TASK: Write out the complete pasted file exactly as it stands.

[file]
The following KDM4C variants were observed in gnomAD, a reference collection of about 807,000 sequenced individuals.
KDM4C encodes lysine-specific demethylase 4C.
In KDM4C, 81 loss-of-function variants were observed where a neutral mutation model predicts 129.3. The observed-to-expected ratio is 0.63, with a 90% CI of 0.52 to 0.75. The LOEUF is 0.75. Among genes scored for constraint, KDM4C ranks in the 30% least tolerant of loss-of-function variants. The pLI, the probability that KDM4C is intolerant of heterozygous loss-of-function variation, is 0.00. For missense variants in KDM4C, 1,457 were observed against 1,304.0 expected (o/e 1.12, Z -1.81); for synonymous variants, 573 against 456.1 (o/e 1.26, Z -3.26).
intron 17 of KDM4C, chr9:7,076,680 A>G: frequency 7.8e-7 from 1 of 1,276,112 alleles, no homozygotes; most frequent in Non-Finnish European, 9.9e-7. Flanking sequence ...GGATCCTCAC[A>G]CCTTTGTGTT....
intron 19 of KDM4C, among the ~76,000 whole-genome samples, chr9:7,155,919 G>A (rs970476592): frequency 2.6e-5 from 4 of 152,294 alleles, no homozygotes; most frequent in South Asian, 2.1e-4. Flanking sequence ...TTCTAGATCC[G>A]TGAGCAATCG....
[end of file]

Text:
The following KDM4C variants were observed in gnomAD, a reference collection of about 807,000 sequenced individuals.
KDM4C encodes lysine-specific demethylase 4C.
In KDM4C, 81 loss-of-function variants were observed where a neutral mutation model predicts 129.3. The observed-to-expected ratio is 0.63, with a 90% CI of 0.52 to 0.75. The LOEUF is 0.75. Among genes scored for constraint, KDM4C ranks in the 30% least tolerant of loss-of-function variants. The pLI, the probability that KDM4C is intolerant of heterozygous loss-of-function variation, is 0.00. For missense variants in KDM4C, 1,457 were observed against 1,304.0 expected (o/e 1.12, Z -1.81); for synonymous variants, 573 against 456.1 (o/e 1.26, Z -3.26).
intron 17 of KDM4C, chr9:7,076,680 A>G: frequency 7.8e-7 from 1 of 1,276,112 alleles, no homozygotes; most frequent in Non-Finnish European, 9.9e-7. Flanking sequence ...GGATCCTCAC[A>G]CCTTTGTGTT....
intron 19 of KDM4C, among the ~76,000 whole-genome samples, chr9:7,155,919 G>A (rs970476592): frequency 2.6e-5 from 4 of 152,294 alleles, no homozygotes; most frequent in South Asian, 2.1e-4. Flanking sequence ...TTCTAGATCC[G>A]TGAGCAATCG....